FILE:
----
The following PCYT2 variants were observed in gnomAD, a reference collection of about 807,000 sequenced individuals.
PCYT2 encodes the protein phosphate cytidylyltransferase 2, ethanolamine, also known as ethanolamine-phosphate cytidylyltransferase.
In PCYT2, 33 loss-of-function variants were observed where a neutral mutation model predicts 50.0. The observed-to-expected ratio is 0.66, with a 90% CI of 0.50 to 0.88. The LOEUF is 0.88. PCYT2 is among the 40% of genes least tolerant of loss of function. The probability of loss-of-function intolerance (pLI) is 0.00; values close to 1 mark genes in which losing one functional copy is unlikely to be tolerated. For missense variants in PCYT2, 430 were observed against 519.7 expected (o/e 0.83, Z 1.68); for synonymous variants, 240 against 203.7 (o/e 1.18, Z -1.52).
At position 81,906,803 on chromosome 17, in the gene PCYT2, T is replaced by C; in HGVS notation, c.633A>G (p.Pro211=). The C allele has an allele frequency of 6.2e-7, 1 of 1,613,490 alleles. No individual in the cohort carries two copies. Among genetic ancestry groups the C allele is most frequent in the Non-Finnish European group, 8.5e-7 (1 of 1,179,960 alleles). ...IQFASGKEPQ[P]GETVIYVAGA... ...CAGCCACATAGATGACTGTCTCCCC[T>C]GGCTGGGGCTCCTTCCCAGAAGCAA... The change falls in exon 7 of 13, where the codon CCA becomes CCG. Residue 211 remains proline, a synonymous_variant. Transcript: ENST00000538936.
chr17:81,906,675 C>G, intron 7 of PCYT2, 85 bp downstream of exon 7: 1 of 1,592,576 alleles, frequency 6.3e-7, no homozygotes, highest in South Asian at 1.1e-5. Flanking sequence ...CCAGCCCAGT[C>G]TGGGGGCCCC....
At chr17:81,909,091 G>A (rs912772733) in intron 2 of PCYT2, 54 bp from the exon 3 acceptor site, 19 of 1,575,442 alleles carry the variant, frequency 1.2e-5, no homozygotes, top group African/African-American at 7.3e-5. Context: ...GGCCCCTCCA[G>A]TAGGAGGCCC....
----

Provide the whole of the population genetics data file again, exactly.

The following PCYT2 variants were observed in gnomAD, a reference collection of about 807,000 sequenced individuals.
PCYT2 encodes the protein phosphate cytidylyltransferase 2, ethanolamine, also known as ethanolamine-phosphate cytidylyltransferase.
In PCYT2, 33 loss-of-function variants were observed where a neutral mutation model predicts 50.0. The observed-to-expected ratio is 0.66, with a 90% CI of 0.50 to 0.88. The LOEUF is 0.88. PCYT2 is among the 40% of genes least tolerant of loss of function. The probability of loss-of-function intolerance (pLI) is 0.00; values close to 1 mark genes in which losing one functional copy is unlikely to be tolerated. For missense variants in PCYT2, 430 were observed against 519.7 expected (o/e 0.83, Z 1.68); for synonymous variants, 240 against 203.7 (o/e 1.18, Z -1.52).
At position 81,906,803 on chromosome 17, in the gene PCYT2, T is replaced by C; in HGVS notation, c.633A>G (p.Pro211=). The C allele has an allele frequency of 6.2e-7, 1 of 1,613,490 alleles. No individual in the cohort carries two copies. Among genetic ancestry groups the C allele is most frequent in the Non-Finnish European group, 8.5e-7 (1 of 1,179,960 alleles). ...IQFASGKEPQ[P]GETVIYVAGA... ...CAGCCACATAGATGACTGTCTCCCC[T>C]GGCTGGGGCTCCTTCCCAGAAGCAA... The change falls in exon 7 of 13, where the codon CCA becomes CCG. Residue 211 remains proline, a synonymous_variant. Transcript: ENST00000538936.
chr17:81,906,675 C>G, intron 7 of PCYT2, 85 bp downstream of exon 7: 1 of 1,592,576 alleles, frequency 6.3e-7, no homozygotes, highest in South Asian at 1.1e-5. Flanking sequence ...CCAGCCCAGT[C>G]TGGGGGCCCC....
At chr17:81,909,091 G>A (rs912772733) in intron 2 of PCYT2, 54 bp from the exon 3 acceptor site, 19 of 1,575,442 alleles carry the variant, frequency 1.2e-5, no homozygotes, top group African/African-American at 7.3e-5. Context: ...GGCCCCTCCA[G>A]TAGGAGGCCC....